Postby johnkaysleftleg » Wed Jun 21, 2017 5:54 pm

They sound like total Muppets, why spoil your own day getting so wound up over perfectly normal practice in the hills? I've been fortunate enough to never meet anybody of this ilk in the hills either in England, Scotland or Wales. In fact the walking folk of the Lakes tend to be very friendly, polite, good humoured and actually generally enhance the overall experience. Pity the couple involved felt the need to attempt to ruin some people's day.
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Re: Hill Rage - A cautionary tale

Postby nigheandonn » Wed Jun 21, 2017 6:20 pm

I once worried some people by leaving my rucksack beside the path up to the waterfall at Kinlochleven, but when I thought about that I could kind of see their point - and they weren't annoyed, just glad to see me back.

On an ordinary flattish ridge it does seem very strange. I've never had any trouble otherwise, but then I tend more to leaving my bag where I nearly don't see it on the way back than leaving it where other people would!
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Re: Hill Rage - A cautionary tale

Postby Sunset tripper » Wed Jun 21, 2017 7:24 pm

What astonishing people! You must have been gobsmacked. These folk are clearly not the full shilling.
I love the commit suicide scenario. :D Why would you carry a bag full of food and life saving equipment up the hill if you were off to kill yourself. Its a bit like jumping off the pier wearing a lifebuoy. :?
They should really have had a go at you for leaving unattended luggage on the hill and carried out a controlled explosion on your gear to remove the danger. :D

NB that guy must go into meltdown if he ever walks past one of the luggage carousels at an airport. :D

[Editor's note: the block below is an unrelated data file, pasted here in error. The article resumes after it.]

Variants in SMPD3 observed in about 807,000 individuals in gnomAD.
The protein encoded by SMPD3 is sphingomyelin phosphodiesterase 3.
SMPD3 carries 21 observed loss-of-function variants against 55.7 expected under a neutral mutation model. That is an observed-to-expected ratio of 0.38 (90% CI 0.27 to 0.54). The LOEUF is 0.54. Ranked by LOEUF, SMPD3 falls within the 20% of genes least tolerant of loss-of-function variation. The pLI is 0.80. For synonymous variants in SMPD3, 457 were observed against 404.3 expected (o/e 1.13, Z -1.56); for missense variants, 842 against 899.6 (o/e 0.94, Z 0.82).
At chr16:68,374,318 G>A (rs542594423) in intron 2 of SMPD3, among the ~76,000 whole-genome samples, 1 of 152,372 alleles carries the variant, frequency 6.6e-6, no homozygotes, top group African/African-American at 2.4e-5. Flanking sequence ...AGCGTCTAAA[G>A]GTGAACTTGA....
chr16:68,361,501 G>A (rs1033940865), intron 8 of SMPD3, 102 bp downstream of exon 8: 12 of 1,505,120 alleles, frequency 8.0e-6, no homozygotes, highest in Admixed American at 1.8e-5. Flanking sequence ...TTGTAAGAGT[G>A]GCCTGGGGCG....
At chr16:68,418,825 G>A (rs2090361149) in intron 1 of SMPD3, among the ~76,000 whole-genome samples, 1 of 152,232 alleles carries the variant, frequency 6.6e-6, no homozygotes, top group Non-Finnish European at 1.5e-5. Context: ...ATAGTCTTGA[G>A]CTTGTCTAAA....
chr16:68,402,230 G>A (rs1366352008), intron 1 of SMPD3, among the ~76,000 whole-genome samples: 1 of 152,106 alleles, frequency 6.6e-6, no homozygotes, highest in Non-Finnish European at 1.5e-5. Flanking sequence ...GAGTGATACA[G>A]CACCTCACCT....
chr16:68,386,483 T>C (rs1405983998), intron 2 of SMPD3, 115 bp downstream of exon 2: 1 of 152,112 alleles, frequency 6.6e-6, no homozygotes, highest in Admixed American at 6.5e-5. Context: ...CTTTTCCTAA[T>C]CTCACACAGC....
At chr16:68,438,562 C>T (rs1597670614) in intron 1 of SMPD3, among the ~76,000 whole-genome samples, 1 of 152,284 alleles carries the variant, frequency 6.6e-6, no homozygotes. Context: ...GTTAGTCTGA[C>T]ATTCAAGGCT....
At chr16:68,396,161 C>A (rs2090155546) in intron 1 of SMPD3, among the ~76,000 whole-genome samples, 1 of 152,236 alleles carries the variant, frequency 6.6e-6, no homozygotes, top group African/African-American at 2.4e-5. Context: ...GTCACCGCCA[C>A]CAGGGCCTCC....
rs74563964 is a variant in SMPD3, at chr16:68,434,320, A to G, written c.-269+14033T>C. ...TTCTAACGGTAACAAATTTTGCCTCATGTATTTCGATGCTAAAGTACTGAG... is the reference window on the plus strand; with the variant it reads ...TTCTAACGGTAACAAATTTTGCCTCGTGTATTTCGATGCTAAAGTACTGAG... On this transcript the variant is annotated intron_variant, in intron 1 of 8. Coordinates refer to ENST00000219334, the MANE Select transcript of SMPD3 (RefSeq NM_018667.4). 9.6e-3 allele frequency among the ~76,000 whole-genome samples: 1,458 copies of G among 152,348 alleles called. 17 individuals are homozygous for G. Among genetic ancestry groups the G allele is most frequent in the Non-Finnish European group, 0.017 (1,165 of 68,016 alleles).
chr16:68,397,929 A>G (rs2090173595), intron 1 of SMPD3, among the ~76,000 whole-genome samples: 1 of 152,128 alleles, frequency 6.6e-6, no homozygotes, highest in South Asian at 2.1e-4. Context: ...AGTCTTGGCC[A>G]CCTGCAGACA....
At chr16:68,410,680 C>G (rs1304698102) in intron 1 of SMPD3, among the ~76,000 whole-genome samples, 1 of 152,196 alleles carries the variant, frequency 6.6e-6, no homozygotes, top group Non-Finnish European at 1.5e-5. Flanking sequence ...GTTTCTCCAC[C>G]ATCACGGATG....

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Re: Hill Rage - A cautionary tale

Postby Mal Grey » Wed Jun 21, 2017 7:56 pm

Sadly there are idiots everywhere. Obviously just unpleasant people, I don't believe for a minute they were genuinely concerned about you....
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Re: Hill Rage - A cautionary tale

Postby BobMcBob » Wed Jun 21, 2017 8:53 pm

Sgurr wrote:What had those folk experienced in the past to make them like that?


This isn't a flippant answer. I wouldn't be surprised if they live in south-east England. I lived there for most of my life until recently. Anything not chained down will be nicked, therefore if you find anything not chained down you assume that some harm must have come to the owner, because nobody in their right mind would leave anything lying around. Even now I wouldn't go off and leave my wallet in my rucksack, no matter where I was. I won't even leave my van unlocked on a campsite if I nip out for a pee. This says more about what I've come to expect from other people than it does about other people.

None of that excuses their confrontational attitude, which I agree should have been met with something that would leave them requiring mountain rescue.
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Re: Hill Rage - A cautionary tale

Postby RocksRock » Wed Jun 21, 2017 9:07 pm